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I have a class which is a subclass of UIView. I am able to draw stuff inside the view either by implementing the drawRect method, or by implementing drawLayer:inContext: which is a delegate method of CALayer.

I have two questions:

  1. How to decide which approach to use? Is there a use case for each one?
  2. If I implement drawLayer:inContext:, it is called (and drawRect isn't, at least as far as putting a breakpoint can tell), even if I don't assign my view as the CALayer delegate by using:

    [[self layer] setDelegate:self];

    how come the delegate method is called if my instance is not defined to be the layer's delegate? and what mechanism prevents drawRect from being called if drawLayer:inContext: is called?

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5 Answers

up vote 45 down vote accepted

How to decide which approach to use? Is there a use case for each one?

Always use drawRect:, and never use a UIView as the drawing delegate for any CALayer.

how come the delegate method is called if my instance is not defined to be the layer's delegate? and what mechanism prevents drawRect from being called if drawLayer:inContext: is called?

Every UIView instance is the drawing delegate for its backing CALayer. That's why [[self layer] setDelegate:self]; seemed to do nothing. It's redundant. The drawRect: method is effectively the drawing delegate method for the view's layer. Internally, UIView implements drawLayer:inContext: where it does some of its own stuff and then calls drawRect:. You can see it in the debugger:

drawRect: stacktrace

This is why drawRect: was never called when you implemented drawLayer:inContext:. It's also why you should never implement any of the CALayer drawing delegate methods in a custom UIView subclass. You should also never make any view the drawing delegate for another layer. That will cause all sorts of wackiness.

If you are implementing drawLayer:inContext: because you need to access the CGContextRef, you can get that from inside of your drawRect: by calling UIGraphicsGetCurrentContext().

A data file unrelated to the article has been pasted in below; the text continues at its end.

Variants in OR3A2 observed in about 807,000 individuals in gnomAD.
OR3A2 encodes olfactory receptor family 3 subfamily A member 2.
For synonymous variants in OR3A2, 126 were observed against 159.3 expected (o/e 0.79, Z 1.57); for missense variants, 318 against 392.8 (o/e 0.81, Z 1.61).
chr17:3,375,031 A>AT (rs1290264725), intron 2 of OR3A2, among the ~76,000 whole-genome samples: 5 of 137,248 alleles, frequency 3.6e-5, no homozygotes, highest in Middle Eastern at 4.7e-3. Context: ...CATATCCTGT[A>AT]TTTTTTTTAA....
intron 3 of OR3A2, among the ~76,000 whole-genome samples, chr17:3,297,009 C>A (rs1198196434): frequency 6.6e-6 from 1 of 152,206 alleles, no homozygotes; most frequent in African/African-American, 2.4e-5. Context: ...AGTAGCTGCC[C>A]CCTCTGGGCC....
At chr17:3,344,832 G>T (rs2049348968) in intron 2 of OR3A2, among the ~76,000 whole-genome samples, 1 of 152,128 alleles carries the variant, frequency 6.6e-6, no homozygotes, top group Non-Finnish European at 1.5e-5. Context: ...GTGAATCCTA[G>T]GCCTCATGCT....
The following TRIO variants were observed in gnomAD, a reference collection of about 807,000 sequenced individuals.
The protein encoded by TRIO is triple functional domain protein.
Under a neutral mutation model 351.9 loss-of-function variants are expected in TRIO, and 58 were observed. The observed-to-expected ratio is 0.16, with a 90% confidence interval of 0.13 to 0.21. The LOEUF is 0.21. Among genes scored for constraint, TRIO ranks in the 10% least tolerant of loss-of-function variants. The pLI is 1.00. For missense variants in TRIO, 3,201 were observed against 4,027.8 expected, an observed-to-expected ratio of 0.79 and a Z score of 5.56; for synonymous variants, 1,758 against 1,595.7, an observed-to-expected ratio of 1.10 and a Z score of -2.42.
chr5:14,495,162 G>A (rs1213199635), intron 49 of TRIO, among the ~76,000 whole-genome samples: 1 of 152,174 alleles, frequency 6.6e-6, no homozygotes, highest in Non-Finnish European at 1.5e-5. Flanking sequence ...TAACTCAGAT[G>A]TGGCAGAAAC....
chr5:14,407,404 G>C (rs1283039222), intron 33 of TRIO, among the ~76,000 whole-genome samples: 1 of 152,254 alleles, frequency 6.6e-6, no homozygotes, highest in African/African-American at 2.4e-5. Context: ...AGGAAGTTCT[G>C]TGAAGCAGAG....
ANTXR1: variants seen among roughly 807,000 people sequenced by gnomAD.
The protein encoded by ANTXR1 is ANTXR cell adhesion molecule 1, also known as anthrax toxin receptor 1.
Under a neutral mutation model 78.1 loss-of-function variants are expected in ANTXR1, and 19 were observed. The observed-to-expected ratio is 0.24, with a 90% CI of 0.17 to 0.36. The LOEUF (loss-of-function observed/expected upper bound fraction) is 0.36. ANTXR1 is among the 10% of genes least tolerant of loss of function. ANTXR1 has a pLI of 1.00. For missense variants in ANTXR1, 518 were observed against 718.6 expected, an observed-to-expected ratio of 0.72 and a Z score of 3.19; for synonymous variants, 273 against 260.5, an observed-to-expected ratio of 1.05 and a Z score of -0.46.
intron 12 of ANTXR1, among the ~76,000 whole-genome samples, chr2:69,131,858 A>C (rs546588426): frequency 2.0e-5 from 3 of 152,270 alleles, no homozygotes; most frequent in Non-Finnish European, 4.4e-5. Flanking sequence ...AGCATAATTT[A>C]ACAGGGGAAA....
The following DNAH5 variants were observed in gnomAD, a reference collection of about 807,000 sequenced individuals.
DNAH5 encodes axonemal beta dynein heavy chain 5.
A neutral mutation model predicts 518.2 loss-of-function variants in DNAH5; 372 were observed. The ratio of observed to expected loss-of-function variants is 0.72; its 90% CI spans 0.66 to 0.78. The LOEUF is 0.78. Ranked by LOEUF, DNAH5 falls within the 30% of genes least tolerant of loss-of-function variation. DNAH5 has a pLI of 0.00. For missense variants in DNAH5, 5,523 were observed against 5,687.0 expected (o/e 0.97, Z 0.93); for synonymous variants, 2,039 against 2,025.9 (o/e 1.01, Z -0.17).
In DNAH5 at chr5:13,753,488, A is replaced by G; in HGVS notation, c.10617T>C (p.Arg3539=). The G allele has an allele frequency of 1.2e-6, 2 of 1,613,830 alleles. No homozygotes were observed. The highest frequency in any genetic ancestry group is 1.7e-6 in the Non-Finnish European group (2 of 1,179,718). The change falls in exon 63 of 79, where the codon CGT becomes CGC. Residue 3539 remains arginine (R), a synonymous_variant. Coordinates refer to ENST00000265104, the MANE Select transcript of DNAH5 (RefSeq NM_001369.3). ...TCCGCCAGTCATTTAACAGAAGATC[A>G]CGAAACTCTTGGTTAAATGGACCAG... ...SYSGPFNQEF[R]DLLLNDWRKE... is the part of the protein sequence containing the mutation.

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I was implementing it as part of following Apple's code sample AccelerometerGraph. I guess that in that code sample they implemented drawLayer:inContext: since there are some layers added to the layer hierarchy besides the view's root-layer, and indeed the delegate is not the UIView instance. –  Itamar Katz Feb 12 '11 at 21:15
3  
developer.apple.com/library/ios/#DOCUMENTATION/WindowsViews/… " There are also other ways to provide a view’s content, such as setting the contents of the underlying layer directly, but overriding the drawRect: method is the most common technique." –  jamie Jul 27 '11 at 2:01
    
Hi Nathan, I am very new to the custom drawing in iOS. I have a subclassed UIView class where I would need to do drawing on 3 different layers over one another. I want to make first layer, draw something on it, then put second layer and draw on it and then the third. How do I accomplish it from within the UIView Subclass that I have? –  NSFeaster Nov 27 '12 at 7:35
5  
This is not correct answer. Whenever possible, we should use CAlayer instead of overriding drawRect to avoid potential performance issues. Refer Apple's WWDC 2012 video - iOS App Performance: Graphics and Animations (Link to site developer.apple.com/videos/wwdc/2012 ). View from 11.40, where Apple engineer specifically addressed this scenario. –  user2734323 Dec 25 '13 at 17:16
1  
Nathan, I commented on your statement "Always use drawRect:". This is not correct. Apple recommends using CALayer or drawLayer:inContext unless drawRect overriding is absolutely required. Details of that are in WWDC 2012 video. You are correct that certain cases such as vector drawing could be easily achieved by overriding drawRect (but not the only solution). However, in most cases, CALayer provides superior performance advantage over drawRect. Therefore, the answer should be "case by case basis". –  user2734323 Dec 26 '13 at 20:47
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drawRect should only be implemented when absolutely needed. The default implementation of drawRect includes a number of smart optimizations, like intelligently caching the view's rendering. Overriding it circumvents all of those optimizations. That's bad. Using the layer drawing methods effectively will almost always outperform a custom drawRect. Apple uses a UIView as the delegate for a CALayer often - in fact, every UIView is the delegate of it's layer. You can see how to customize the layer drawing inside a UIView in several Apple samples including (at this time) ZoomingPDFViewer.